Chronic cardiac rejection in the LEW to F344 rat model: Blockade of CD28-B7 costimulation by CTLA4Ig modulates T cell and macrophage activation and attenuates arteriosclerosis

Mary E. Russell, Wayne W. Hancock, Enver Akalin, Africa F. Wallace, Troels Glysing-Jensen, Theresa A. Willett, Mohamed H. Sayegh

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CTLA4Ig, a fusion protein that blocks CD28-B7 costimulation, was studied in a LEW to F344 rat model of chronic cardiac rejection. In rats treated with a single dose of CTLA4Ig (0.5 mg intraperitoneally) 2 d after transplantation, allografts survived significantly longer (> 70 d in 64%) than in untreated controls or rats treated with control Ig (all rejected within 25 d). Only 25% of grafts from rats treated with a single, high dose of cyclosporine A (25 mg/kg, 2 d after transplantation) survived longer than 70 d, Reverse transcriptase PCR and immunostaining analyses of tissue from 75-d, CTLA4Ig-treated allografts showed reduced expression of the T cell factor IFN-γ and macrophage activation factors monocyte chemoattractant protein-1, inducible nitric oxide synthase, and galactose/N-acetylgalactosamine macrophage lectin, as well as TGF-β. Grafts from long-term survivors (> 120 d) treated with CTLA4Ig showed significant reductions in the frequency and severity of arteriosclerosis in comparison with cyclosporine A-treated rats. Thus, T cell activation is a proximal event in the cascade that culminates in the arteriosclerosis of chronic rejection. Strategies for blocking T cell costimulation may help prevent chronic rejection in clinical transplantation.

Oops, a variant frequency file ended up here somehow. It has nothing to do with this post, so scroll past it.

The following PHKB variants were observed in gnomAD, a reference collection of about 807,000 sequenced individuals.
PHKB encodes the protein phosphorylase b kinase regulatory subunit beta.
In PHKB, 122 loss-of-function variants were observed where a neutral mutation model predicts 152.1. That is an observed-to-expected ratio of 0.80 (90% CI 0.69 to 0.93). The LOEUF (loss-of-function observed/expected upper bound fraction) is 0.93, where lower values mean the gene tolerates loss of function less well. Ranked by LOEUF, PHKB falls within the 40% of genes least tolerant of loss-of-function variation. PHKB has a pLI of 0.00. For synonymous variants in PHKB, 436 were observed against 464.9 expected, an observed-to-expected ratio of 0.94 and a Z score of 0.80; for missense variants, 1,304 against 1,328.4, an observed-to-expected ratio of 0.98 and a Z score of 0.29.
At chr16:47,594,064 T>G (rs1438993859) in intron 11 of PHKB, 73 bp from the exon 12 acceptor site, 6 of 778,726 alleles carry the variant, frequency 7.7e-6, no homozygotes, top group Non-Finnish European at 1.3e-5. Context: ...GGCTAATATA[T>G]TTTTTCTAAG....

Original languageEnglish (US)
Pages (from-to)833-838
Number of pages6
JournalJournal of Clinical Investigation
Issue number3
Publication statusPublished - Feb 1 1996
Externally publishedYes



  • Arteriosclerosis
  • CD28
  • Cardiac transplantation
  • Macrophage activation

ASJC Scopus subject areas

  • Medicine(all)

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